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By John Helmer, Moscow

An unusual moment occurred on Wednesday this week in Roman Abramovich’s testimony in the UK High Court when he refers to the seigneurial right – that historically doubtful power a feudal lord claimed for first sex with young virgins on his estates, who were, by feudal law, his property.

Abramovich says: “Well, it’s the thing which is called the right of the first night”. In the Russian and the English, Abramovich is referring to the Latin jus primae noctis – properly translated, that’s the law of the first night. The feudal law textbooks claim the rape could be bought off if the girl gave the lord part or all of her dowry. Either way, she would become used property and unmarriageable.

For sex suddenly appear to appear in court during hours of questioning about how it happened that Abramovich came to sell his shareholding in Rusal, the Russian aluminium concern, to Oleg Deripaska (left image) for $2.03 billion was unusual. That’s because Abramovich (right image) made his response in answer to questioning about a right of an altogether different kind.

He was being asked by Laurence Rabinowitz, advocate for Boris Berezovsky, if Abramovich understood the right of first refusal in a contract of sale and purchase he had signed on September 17, 2003, with Deripaska. According to the evidence in court, Abramovich was asking $2 billion for his shareholding, but accepted that Deripaska didn’t have the cash to pay all at once.

Abramovich also testified that despite the enormous sums of money he was taking out of Rusal each year, he wanted to sell out because there was serious conflict in the management of the Rusal operations and plants. Abramovich acknowledged that he had trouble remembering how much his cut-out company, Madison, received from Rusal, but agreed with papers presented to him showing he and Madison took $425 million out of Rusal in 2001; $417 million in 2002; and $529 million in 2003. When asked to confirm, Abramovich replied: “Well, I don’t know. I think so, yes.”

In the summer of 2003, however, the cash-cow was ready for disposal, because, Abramovich told the court, “we agreed with Mr Deripaska that we’ll finish our relationship because the relationship between our managing teams were very stressed, we knew it wouldn’t lead to anything good and that would put an end to our joint business.”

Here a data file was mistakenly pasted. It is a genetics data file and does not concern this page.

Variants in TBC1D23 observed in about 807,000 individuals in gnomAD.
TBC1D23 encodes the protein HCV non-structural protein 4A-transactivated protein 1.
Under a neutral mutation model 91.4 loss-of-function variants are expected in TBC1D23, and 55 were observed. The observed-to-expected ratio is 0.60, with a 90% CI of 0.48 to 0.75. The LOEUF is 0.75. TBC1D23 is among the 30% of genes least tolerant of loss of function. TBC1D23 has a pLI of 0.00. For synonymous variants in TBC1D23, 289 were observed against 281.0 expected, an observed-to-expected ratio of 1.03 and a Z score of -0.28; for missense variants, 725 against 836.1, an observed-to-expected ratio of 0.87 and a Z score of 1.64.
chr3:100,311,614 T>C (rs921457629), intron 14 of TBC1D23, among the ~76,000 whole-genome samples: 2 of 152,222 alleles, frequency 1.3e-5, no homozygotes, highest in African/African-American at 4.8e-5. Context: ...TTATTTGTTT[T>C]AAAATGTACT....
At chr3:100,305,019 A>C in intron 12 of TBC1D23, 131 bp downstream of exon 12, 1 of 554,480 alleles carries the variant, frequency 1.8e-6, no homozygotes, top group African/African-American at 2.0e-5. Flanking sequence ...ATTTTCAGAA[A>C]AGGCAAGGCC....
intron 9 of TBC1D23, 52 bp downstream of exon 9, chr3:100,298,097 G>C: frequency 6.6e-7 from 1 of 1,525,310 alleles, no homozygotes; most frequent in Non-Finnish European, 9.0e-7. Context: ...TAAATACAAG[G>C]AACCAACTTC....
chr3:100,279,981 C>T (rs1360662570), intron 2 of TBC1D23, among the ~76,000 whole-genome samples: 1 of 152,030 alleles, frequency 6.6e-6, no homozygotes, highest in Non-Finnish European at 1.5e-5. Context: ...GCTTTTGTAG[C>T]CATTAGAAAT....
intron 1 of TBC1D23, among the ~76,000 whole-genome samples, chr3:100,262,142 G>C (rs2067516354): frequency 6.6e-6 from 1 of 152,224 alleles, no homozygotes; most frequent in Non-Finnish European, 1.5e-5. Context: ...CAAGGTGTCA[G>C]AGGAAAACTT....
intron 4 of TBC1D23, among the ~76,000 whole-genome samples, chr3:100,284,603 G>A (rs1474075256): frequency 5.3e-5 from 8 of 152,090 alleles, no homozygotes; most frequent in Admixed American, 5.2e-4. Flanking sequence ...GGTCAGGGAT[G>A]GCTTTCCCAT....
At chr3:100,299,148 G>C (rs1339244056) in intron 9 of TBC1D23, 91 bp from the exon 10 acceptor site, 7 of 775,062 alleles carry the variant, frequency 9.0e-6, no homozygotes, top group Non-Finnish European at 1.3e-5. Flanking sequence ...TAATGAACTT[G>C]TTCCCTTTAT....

Rabinowitz then cross-examined Abramovich on clause 2 in the sale contract. Abramovich is asked if he and Deripaska had agreed to sequence the sale into two tranches, one of 25% and another of 25%; and if the deal contract gave Deripaska the option to match a third-party bid for the second 25%. That, explained the lawyer, “applies if you have received an offer from someone else. At that point, Mr Deripaska can say to you, ‘I want to buy, not that third party. Give me the right to buy’. Do you understand what I am saying?”

At that instant, an unfashionable form of sexual intercourse with unwilling partners flashed into Abramovich’s head. Out popped a remark, which will have the historians of Russia psycho-analyzing for years.

Abramovich then went on to claim the famous “I know what I know” defence against the failure to read. He testified that he knew what he and Deripaska had agreed, but: “I haven’t read this contract so I do not know. I can explain to you what we’ve agreed.”

There is no reference by Abramovich to having sex with Deripaska. Or with anybody. The moment when the most powerful, wealthy and ingratiating businessman in Russia confuses an option and a fuck has passed.

The court testimony reveals there had been a great deal of screwing around. Abramovich was shown a statement Deripaska has signed for the Michael Cherney trial to come in the same court. In that evidence, Deripaska says that in the summer of 2003, he had told Abramovich he wanted to buy the full 50% shareholding in Rusal from Abramovich, and was told that wasn’t possible because “I [Deripaska] was told [by Abramovich] that only 25 percent was available”. Abramovich’s pre-trial deposition was then read out to him in which he said: “I believe Mr Deripaska did not have sufficient cash to pay for the entire purchase in full.”